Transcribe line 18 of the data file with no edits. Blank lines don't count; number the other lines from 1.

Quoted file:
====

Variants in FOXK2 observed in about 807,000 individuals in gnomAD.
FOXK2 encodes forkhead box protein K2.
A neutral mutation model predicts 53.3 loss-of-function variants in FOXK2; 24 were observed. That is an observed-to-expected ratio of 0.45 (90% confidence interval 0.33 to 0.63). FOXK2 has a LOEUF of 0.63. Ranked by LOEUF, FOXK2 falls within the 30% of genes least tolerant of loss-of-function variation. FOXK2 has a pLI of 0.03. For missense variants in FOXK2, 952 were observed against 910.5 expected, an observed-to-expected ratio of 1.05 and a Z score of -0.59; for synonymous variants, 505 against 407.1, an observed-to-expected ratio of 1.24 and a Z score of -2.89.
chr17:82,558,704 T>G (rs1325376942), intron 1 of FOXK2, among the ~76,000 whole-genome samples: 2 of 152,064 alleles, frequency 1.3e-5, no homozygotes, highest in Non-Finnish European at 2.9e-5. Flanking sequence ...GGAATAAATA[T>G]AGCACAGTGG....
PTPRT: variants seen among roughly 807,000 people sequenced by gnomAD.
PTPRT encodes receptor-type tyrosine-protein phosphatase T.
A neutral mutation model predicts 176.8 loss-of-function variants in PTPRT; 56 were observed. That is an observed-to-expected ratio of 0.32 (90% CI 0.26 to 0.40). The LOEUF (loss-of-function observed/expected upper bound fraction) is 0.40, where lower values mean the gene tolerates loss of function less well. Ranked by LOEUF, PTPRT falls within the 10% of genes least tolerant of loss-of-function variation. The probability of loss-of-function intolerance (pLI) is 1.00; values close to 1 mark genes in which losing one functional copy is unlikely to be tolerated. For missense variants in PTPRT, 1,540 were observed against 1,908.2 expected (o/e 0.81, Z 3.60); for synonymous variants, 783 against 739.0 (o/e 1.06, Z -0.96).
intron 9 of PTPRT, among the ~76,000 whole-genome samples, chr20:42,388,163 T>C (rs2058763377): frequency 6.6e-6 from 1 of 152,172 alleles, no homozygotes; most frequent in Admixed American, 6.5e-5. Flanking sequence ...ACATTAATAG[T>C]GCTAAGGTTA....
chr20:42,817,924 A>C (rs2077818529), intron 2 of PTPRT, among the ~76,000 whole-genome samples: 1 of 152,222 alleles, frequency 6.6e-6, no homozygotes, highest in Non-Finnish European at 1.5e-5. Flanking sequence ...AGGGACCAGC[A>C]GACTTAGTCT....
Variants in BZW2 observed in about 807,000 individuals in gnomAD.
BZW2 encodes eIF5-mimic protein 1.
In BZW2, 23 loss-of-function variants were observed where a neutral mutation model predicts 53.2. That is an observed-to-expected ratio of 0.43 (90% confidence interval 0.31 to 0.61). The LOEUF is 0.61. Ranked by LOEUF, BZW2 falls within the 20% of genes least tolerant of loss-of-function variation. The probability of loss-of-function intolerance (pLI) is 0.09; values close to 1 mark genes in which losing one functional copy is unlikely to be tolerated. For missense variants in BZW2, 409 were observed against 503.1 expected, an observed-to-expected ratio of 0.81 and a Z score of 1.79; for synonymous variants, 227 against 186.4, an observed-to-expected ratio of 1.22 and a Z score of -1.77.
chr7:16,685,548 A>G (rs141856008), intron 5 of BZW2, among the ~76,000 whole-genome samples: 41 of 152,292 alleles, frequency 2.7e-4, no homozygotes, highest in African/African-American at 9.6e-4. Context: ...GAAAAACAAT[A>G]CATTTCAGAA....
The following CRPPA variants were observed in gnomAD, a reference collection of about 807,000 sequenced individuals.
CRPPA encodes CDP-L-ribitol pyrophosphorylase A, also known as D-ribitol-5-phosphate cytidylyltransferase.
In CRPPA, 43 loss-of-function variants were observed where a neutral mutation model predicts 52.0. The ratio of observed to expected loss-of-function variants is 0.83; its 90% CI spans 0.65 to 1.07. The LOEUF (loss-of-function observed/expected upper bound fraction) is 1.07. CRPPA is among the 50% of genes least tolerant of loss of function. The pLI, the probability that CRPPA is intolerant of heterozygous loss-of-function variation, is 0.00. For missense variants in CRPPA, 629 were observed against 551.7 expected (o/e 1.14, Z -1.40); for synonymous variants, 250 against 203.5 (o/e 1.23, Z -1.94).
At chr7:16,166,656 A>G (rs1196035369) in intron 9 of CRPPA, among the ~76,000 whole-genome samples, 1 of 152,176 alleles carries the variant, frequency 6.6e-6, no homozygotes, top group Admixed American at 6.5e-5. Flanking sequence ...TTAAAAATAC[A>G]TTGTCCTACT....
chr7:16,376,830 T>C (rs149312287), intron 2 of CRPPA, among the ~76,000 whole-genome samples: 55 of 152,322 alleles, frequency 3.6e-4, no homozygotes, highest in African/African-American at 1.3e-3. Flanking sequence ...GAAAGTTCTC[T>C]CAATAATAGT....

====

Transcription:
chr7:16,376,830 T>C (rs149312287), intron 2 of CRPPA, among the ~76,000 whole-genome samples: 55 of 152,322 alleles, frequency 3.6e-4, no homozygotes, highest in African/African-American at 1.3e-3. Flanking sequence ...GAAAGTTCTC[T>C]CAATAATAGT....